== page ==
Rhoda J Hawkins "Dynamic allostery of protein alpha helical coiled-coils
Alpha helical coiled-coils appear in many important allosteric proteins such as the dynein molecular motor and bacteria chemotaxis transmembrane receptors. As a mechanism for transmitting the information of ligand binding to a distant site across an allosteric protein, an alternative to conformational changes in the mean static structure is an induced change in the pattern of the internal dynamics of the protein. We explore how ligand binding may change the intramolecular vibrational free energy of a coiler-coil, using parameterized coarse-grained models, treating the case dynein in detail. The models predict that coupling of slide, bend and twist modes of the coiled-coil transmits an allosteric free energy of ~2kBT, consistent with experimental results. A further prediction is a quantitative increase in the effective stiffness of the coiled-coil without any change in inherent flexibility of the individual helices. The model provides a possible and experimentally testable mechanism for transmission of information through the alpha helical coiled-coil of dynein.
Statistical geometry of pores and statistics of porous nanofibrous assemblies
The application of theoretical models to describe the structure of the types of fibrous network produced by the electrospinning of the polymers for use in tissue engineering and a number of other applications is presented. Emphasis is placed on formal analyses of the pore size distribution and porosities that one would encounter with such structures and the nature of their relationships with other structural characteristics likely to be important for the performance of nanofibrous materials. The theoretical structures considered result from interactions between randomly placed straight rods that represent fibres with nanoscale dimensions. The dominant role of fibre diameter in controlling the pore diameter of the networks is shown and we discuss the perhaps counter-increasing fire diameter results in an increase in mean pore radius. Larger pores may be required for ingrowth of cells to nanofibrous networks, hence this study clarifies that simply making the diameters of the fibres smaller might not be the way to improve cell proliferation on such substrates. An extensive review of structural features of the network such as the distribution of mass, inter-fibre contacts and available surface for cell attachment, fibre contact distributions for integrity of the networks and the porosity and pore size distributions is given, with the emphasis placed on nanofibre dimensions for the first time.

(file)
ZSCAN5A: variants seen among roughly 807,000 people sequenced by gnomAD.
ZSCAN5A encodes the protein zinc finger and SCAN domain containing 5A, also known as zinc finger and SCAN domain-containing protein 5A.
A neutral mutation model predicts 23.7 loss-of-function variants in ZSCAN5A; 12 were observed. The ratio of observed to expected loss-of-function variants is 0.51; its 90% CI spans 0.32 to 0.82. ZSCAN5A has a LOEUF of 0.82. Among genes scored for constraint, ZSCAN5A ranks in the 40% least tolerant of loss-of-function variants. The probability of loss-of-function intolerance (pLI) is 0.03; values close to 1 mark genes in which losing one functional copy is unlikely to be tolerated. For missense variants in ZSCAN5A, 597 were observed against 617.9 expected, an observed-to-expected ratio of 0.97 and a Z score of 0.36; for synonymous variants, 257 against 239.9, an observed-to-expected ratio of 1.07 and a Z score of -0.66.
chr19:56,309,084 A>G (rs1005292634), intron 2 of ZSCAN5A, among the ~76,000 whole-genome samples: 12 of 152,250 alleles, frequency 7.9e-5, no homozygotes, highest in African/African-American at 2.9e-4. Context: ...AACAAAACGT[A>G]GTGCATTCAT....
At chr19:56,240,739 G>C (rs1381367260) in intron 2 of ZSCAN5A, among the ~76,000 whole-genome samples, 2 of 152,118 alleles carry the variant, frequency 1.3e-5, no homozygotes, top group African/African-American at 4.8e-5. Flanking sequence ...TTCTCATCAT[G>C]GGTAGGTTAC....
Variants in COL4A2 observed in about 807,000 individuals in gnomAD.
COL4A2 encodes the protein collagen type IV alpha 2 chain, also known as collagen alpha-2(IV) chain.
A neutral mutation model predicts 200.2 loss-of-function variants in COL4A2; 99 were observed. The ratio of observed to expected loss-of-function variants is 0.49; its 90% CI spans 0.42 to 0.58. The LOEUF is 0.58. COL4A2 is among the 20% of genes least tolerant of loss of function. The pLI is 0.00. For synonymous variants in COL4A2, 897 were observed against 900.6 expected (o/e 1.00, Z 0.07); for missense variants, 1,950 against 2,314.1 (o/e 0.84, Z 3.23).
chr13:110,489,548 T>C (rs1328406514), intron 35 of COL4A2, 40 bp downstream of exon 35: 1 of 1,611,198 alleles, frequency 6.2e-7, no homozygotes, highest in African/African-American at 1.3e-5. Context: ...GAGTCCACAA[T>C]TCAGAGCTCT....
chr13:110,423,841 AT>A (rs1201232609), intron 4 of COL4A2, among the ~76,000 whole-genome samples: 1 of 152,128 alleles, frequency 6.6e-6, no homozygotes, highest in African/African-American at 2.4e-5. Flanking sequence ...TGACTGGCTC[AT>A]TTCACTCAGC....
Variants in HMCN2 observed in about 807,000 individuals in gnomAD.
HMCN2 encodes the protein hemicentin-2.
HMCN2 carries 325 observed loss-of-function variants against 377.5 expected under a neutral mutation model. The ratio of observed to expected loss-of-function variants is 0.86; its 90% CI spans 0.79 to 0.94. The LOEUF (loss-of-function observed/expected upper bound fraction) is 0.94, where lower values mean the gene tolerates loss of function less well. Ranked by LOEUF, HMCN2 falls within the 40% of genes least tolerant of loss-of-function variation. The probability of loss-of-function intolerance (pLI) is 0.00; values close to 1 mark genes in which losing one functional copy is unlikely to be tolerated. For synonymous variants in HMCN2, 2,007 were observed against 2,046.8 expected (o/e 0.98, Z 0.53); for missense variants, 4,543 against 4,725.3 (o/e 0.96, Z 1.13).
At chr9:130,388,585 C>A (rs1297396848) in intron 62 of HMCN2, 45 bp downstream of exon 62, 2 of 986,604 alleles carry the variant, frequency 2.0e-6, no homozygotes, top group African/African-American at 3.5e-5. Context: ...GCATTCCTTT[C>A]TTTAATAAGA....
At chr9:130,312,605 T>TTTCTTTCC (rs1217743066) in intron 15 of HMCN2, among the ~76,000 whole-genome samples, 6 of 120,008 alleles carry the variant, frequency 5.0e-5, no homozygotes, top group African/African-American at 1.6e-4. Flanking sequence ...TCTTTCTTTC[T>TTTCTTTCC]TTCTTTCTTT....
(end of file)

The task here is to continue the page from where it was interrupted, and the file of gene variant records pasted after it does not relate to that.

Source: Engineering and Physical Sciences Research Council